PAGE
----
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Fascinating facts about Percy Lebaron Spencer
inventor of the Microwave Oven in 19
Percy Spencer 
Inventor: Percy Lebaron Spencer
Percy Spencer portrait courtesy Raytheon Corporation
Criteria: First to invent. First to patent. Modern prototype.
Birth: July 9, 1894 in Howland, Maine
Death: September 8, 1970
Nationality: American

Shortly after the end of World War II, Percy Spencer, already known as an electronics genius and war hero, was touring one of his laboratories at the Raytheon Company. He stopped momentarily in front of a magnetron, the power tube that drives a radar set. Feeling a sudden and strange sensation, Spencer noticed that the chocolate bar in his pocket had begun to melt.

Spencer, who obtained 120 patents in his lifetime, knew how to apply his curiosity. So he did what any good inventor would -- he went for some popcorn. Spencer didn't feel like a snack, he asked for unpopped popcorn. Holding the bag of corn next to the magnetron, Spencer watched as the kernels exploded into puffy white morsels.

From this simple experiment, Spencer and Raytheon developed the microwave oven. The first microwave oven weighed a hefty 750 pounds and stood five feet, six inches. At first, it was used exclusively in restaurants, railroad cars and ocean liners -- places where large quantities of food had to be cooked quickly.

But culinary experts quickly noticed the oven's shortcomings. Meat refused to brown. French fries turned white and limp. To make matters worse, Raytheon chairman Charles Adams' cook quit because Adams demanded he prepare food with a microwave oven.

In fact, it took decades after the invention of the microwave oven for it to be refined to a point where it would be useful to the average consumer. Today, Percy Spencer's radar boxes melt chocolate and pop popcorn in millions of homes around the world.


Invention of the Microwave Oven    from The Great Idea Finder


100 Inventions That Shaped World History
by Bill Yenne, Morton, Dr. Grosser (Editor) / Paperback - 112 pages (1983)
/ Bluewood Books 
This book contains inventions from all around the world from microchips to fire. This is a really good book if you are going to do research on inventions.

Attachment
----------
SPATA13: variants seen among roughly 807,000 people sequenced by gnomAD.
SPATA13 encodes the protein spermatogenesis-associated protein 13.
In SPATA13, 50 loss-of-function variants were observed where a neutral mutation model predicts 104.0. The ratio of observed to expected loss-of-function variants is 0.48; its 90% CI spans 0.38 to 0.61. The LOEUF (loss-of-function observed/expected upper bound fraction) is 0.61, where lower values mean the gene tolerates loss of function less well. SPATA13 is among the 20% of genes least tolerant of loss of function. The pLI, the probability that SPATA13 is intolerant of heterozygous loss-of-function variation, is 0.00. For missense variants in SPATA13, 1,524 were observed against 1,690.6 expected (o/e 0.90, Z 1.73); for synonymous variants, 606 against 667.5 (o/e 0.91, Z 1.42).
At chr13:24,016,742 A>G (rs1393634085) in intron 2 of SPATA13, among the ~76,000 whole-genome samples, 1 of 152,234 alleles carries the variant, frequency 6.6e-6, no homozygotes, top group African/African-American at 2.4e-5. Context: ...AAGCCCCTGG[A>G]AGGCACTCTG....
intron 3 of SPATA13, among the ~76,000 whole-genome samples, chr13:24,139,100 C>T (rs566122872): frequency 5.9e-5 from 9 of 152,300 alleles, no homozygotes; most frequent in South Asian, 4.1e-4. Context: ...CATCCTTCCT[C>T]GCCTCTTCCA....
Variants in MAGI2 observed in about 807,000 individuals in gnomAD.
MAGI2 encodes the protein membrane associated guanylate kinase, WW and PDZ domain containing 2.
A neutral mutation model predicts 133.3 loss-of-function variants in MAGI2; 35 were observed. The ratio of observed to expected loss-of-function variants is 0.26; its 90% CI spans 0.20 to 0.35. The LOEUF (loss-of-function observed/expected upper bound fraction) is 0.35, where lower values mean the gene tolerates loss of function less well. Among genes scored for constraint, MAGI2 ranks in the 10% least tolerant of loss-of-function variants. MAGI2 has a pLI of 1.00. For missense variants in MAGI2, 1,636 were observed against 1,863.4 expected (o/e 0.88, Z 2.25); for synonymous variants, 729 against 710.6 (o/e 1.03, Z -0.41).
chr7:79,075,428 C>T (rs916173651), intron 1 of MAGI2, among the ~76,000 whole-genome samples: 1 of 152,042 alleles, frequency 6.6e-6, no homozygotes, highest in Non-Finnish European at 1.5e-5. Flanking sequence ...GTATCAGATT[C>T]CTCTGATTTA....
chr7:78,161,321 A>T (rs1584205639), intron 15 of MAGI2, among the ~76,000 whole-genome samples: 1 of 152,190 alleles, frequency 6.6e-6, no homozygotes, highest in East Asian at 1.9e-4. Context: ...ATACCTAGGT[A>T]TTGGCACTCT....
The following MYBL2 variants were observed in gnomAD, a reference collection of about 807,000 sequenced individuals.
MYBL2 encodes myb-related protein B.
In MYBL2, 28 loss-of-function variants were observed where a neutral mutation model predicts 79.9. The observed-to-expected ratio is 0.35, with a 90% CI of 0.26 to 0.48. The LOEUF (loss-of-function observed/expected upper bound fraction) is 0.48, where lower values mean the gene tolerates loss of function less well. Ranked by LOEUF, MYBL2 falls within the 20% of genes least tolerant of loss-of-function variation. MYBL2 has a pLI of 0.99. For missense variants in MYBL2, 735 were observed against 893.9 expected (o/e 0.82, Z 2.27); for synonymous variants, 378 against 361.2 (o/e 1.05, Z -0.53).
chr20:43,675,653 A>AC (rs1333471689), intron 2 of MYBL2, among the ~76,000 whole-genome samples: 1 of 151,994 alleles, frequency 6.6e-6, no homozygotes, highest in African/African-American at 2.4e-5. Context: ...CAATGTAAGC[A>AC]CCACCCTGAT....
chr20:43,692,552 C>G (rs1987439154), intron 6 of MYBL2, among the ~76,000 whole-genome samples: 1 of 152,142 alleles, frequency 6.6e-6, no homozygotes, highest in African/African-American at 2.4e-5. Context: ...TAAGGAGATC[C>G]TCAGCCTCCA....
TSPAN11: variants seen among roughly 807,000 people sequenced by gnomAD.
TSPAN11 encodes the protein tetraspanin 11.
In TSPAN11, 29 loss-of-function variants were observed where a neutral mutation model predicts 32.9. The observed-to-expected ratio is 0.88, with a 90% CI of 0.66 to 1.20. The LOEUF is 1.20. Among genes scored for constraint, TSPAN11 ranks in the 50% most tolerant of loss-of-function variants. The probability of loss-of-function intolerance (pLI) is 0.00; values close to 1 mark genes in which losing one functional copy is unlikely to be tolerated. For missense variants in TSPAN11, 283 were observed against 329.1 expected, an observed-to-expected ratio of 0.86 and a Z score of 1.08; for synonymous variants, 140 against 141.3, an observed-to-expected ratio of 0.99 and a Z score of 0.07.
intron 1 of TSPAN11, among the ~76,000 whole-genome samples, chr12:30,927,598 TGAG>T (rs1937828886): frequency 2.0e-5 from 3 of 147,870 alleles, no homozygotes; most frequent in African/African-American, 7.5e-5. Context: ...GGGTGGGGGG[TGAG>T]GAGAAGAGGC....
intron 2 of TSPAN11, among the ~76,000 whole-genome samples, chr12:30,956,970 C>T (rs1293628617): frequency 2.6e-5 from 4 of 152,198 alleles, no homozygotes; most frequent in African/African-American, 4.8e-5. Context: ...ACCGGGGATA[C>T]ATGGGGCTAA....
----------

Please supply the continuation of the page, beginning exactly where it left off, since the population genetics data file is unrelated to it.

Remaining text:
Accidents May Happen: 50 Inventions Discovered by Mistake
by Charlotte Foltz Jones, John O'Brien (Illustrator) / Hardcover - 86 pages (1996) / Delacorte
Fifty inventions discovered by mistake receive entertaining cartoon embellishment but are actually serious subjects which will delight and entertain kids.
The Kid Who Invented the Popsicle: And Other Surprising Stories About Inventions
by Don L. Wulffson / Paperback - 128 pages
(1999) / Puffin
Brief factual stories about how various familiar things were invented, many by accident, from animal crackers to the zipper.
More Work for Mother: The Ironies of Household Technology from the Open Hearth to the Microwave
by Ruth Schwartz Cowan / Paperback Reprint edition (February 1985) / Basic Books (Sd)
Inventions such as washing machines, cotton cloth, and even white flour acted as catalysts by giving the less well-off a chance at the comforts the prosperous already possessed, but in general it was men and children whose chores were relieved by these innovations.

Raytheon: A History of Global Technology Leadership
Raytheon’s discovery of microwave cooking in 1945 was initially an accident, but its development, like so many others, can be credited to Percy Spencer. Spencer was the first, however, to discover that one could cook food using microwave radio signals.
National Inventors Hall of Fame
Located at Inventure Place, the online home of creative minds. Inducted Percy Lebaron Spencer in 1999 for his invention of the High Efficiency Magnetron (Patent Number 2,408,235).
Invention Dimension - Inventor of the Week
Celebrates inventor/innovator role models through outreach activities and annual awards to inspire a new generation of American scientists, engineers, and entrepreneurs. Featured Percy Spencer in May, 1966 for his invention of the Mictowave Oven.
The Amana Story
In 1967, the company revolutionized the way America cooks with the introduction of the Amana Radarange® the first countertop microwave oven for the home.
A Brief History of the Microwave Oven
Like many of today's great inventions, the microwave oven was a by-product of another technology.

"He has the respect of every physicist in the country, not only for his ingenuity but for what he has learned about physics by absorbing it through his skin. He is not merely a good experimenter and a good designer; he has become, in his own right, one of the recognized individuals in a very difficult field." - Vannevar Bush


  • In 1947, Raytheon demonstrated the world’s first microwave oven and called it a "Radarange," the winning name in an employee contest.
  • 1947 - Raytheon builds its first microwave oven. Weighing over 750 pounds and standing over five feet tall, the oven is limited to commercial use.
  • 1967 - Using Raytheon’s microwave cooking technology, Amana introduces the world’s first successful 115-volt countertop microwave oven for the home.
  • Microwave ovens are now found in over 90% of US homes
  • The first microwave oven weighed over 750 pounds and stode over five feet tall.
  • Housed in refrigerator-sized cabinets, the first microwave ovens cost between $2,000 and $3,000 and were sold by Raytheon primarily to the commercial marketplace.
Reference Sources in BOLD Type This page revised October 20, 2006.

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